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For executing a shell script in current shell, we need to use a period . or a source command. But why does it not work with a sudo permission?

I have a script with execute permission called setup.sh. When I use a period, I get this:

$ sudo . ./setup.sh 
sudo: .: command not found

The source command also produces a similar error. Am I missing out something? What should I do to run the script with sudo permission in the same shell?

Thanks in advance..

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Despite the excellent answers, I think the problem is almost just a typo. Delete the first period that is by itself. – beroe Sep 15 '13 at 8:10
up vote 12 down vote accepted

What you are trying to do is impossible; your current shell is running under your regular user ID (i.e. without root the access sudo would give you), and there is no way to grant it root access. What sudo does is create a new *sub*process that runs as root. The subprocess could be just a regular program (e.g. sudo cp ... runs the cp program in a root process) or it could be a root subshell, but it cannot be the current shell.

(It's actually even more impossible than that, because the sudo command itself is executed as a subprocess of the current shell -- meaning that in a sense it's already too late for it to do anything in the "current shell", because that's not where it executes.)

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I'm not sure why this is the accepted answer when @JaseC's answer below seems to work for me. sudo bash myscript.sh does exactly what I was looking for, and what the OP seemed to be asking for. – russell May 19 '15 at 16:08
1  
@dalesikkema: sudo bash myscript.sh will run the script in a subshell, rather than the current shell. If that works in your situation, great -- but this particular question is about running the script as root in the current shell. – Gordon Davisson May 19 '15 at 21:05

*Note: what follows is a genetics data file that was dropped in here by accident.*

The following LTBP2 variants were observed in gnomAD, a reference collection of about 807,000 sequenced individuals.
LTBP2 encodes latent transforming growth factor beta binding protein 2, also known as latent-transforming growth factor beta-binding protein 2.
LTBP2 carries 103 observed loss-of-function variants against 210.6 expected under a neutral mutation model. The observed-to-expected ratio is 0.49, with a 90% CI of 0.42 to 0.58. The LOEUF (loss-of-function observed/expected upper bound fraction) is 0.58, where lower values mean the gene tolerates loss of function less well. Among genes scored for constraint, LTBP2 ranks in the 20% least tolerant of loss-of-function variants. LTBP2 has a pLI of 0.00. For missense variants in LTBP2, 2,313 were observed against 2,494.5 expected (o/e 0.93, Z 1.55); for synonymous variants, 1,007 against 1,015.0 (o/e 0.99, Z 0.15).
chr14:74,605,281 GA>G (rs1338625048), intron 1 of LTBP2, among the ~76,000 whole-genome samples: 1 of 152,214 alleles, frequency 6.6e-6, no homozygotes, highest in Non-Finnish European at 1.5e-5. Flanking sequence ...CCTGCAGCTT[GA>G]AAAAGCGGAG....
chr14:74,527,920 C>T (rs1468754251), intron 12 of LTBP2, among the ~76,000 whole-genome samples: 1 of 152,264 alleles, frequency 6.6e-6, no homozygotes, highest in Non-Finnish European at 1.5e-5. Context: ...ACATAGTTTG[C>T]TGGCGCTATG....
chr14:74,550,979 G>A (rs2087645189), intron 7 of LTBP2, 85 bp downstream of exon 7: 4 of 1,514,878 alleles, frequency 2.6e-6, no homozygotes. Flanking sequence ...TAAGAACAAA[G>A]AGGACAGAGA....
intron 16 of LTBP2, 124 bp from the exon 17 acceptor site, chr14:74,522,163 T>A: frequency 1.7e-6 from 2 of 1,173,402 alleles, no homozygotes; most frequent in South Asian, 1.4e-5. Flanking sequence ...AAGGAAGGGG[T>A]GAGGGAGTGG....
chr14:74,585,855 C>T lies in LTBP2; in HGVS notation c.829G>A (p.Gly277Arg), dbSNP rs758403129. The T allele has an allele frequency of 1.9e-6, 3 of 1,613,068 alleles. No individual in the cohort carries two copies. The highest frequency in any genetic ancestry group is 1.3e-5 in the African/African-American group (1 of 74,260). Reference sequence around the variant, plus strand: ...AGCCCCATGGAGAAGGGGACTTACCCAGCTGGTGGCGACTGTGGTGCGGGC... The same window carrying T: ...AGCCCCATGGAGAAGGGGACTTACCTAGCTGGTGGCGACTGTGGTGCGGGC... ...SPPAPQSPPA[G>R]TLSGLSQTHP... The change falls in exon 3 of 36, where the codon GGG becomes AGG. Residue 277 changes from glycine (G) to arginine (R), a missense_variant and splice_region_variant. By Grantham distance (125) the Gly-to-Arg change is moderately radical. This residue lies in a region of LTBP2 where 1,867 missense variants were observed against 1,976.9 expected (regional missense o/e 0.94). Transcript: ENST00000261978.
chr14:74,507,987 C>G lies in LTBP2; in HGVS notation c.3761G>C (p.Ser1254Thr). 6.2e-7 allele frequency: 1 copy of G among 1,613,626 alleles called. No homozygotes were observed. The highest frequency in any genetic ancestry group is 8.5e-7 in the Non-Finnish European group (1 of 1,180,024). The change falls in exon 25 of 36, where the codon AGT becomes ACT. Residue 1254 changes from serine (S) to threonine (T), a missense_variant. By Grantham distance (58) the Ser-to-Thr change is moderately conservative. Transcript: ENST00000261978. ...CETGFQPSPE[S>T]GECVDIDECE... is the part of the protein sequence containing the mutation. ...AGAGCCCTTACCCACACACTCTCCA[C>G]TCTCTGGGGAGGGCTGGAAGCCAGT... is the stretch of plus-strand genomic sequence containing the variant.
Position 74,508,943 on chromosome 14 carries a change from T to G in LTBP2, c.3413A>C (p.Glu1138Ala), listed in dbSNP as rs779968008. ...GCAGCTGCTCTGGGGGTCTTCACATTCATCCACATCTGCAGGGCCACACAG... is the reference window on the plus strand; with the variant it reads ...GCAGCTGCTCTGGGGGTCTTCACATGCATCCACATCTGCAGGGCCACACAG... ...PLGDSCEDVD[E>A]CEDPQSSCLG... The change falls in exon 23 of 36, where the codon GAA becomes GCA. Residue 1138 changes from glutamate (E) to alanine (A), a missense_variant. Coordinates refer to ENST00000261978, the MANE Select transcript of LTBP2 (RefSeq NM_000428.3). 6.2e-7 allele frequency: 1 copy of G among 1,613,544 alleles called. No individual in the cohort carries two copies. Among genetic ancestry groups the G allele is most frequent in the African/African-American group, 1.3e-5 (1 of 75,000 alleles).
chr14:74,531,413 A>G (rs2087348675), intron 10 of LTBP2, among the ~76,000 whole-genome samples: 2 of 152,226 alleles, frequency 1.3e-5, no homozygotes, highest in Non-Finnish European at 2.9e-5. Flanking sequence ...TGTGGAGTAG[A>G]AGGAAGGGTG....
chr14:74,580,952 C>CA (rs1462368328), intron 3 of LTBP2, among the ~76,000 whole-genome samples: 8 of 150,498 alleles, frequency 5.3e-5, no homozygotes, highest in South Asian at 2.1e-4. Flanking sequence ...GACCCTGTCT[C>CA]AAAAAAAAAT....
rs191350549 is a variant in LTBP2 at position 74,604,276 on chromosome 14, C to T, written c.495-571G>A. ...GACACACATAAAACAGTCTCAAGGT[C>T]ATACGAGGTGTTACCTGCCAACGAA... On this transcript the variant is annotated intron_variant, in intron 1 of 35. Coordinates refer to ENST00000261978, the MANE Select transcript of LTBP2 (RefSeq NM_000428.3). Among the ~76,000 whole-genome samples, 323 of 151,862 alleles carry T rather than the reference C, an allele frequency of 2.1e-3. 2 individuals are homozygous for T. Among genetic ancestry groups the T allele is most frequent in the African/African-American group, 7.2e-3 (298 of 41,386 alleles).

I'm not sure if this breaks any rules but

sudo bash script.sh

seems to work for me.

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+1 but what is the reason for this? – Anconia Oct 26 '14 at 21:52
1  
I think because you're instantiating a shell with root privileges and running the script within it. – JaseC Mar 10 '15 at 0:37

I think you are confused about the difference between sourcing and executing a script.

Executing a script means creating a new process, and running the program. The program can be a shell script, or any other type of program. As it is a sub process, any environmental variables changed in the program will not affect the shell.

Sourcing a script can only be used with a bash script (if you are running bash). It effectively types the commands in as if you did them. This is useful as it lets a script change environmental variables in the shell.


Running a script is simple, you just type in the path to the script. . is the current directory. So ./script.sh will execute the file script.sh in the current directory. If the command is a single file (eg script.sh), it will check all the folders in the PATH variable to find the script. Note that the current directory isn't in PATH, so you can't execute a file script.sh in the current directory by running script.sh, you need to run ./script.sh (unless the current directory is in the PATH, eg you can run ls while in the /bin dir).

Sourcing a script doesn't use the PATH, and just searches for the path. Note that source isn't a program - otherwise it wouldn't be able to change environmental variables in the current shell. It is actually a bash built in command. Search /bin and /usr/bin - you won't find a source program there. So to source a file script.sh in the current directory, you just use source script.sh.


How does sudo interact with this? Well sudo takes a program, and executes it as root. Eg sudo ./script.sh executes script.sh in a sub process but running as root.

What does sudo source ./script.sh do however? Remember source isn't a program (rather a shell builtin)? Sudo expects a program name though, so it searches for a program named source. It doesn't find one, and so fails. It isn't possible to source a file running as root, without creating a new subprocess, as you cannot change the runner of a program (in this case, bash) after it has started.

I'm not sure what you actually wanted, but hopefully this will clear it up for you.


Here is a concrete example. Make the file script.sh in your current directory with the contents:

#!/bin/bash    
export NEW_VAR="hello"
whoami
echo "Some text"

Make it executable with chmod +x script.sh.

Now observe what happens with bash:

> ./script.sh
david
Some text
> echo $NEW_VAR

> sudo ./script.sh
root
Some text
> echo $NEW_VAR

> source script.sh
david
Some text
> echo $NEW_VAR
hello
> sudo source script.sh
sudo: source: command not found
share|improve this answer

Basically sudo expects, an executable (command) to follow & you are providing with a .

Hence the error.

Try this way $ sudo setup.sh


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but sudo sh setup.sh creates a new shell to execute the script. I want to execute in same shell. – shar Sep 15 '13 at 6:43
    
then sudo setup.sh should work. – loxxy Sep 15 '13 at 6:44
1  
But that requires setup.sh to be in PATH. – shar Sep 15 '13 at 6:45

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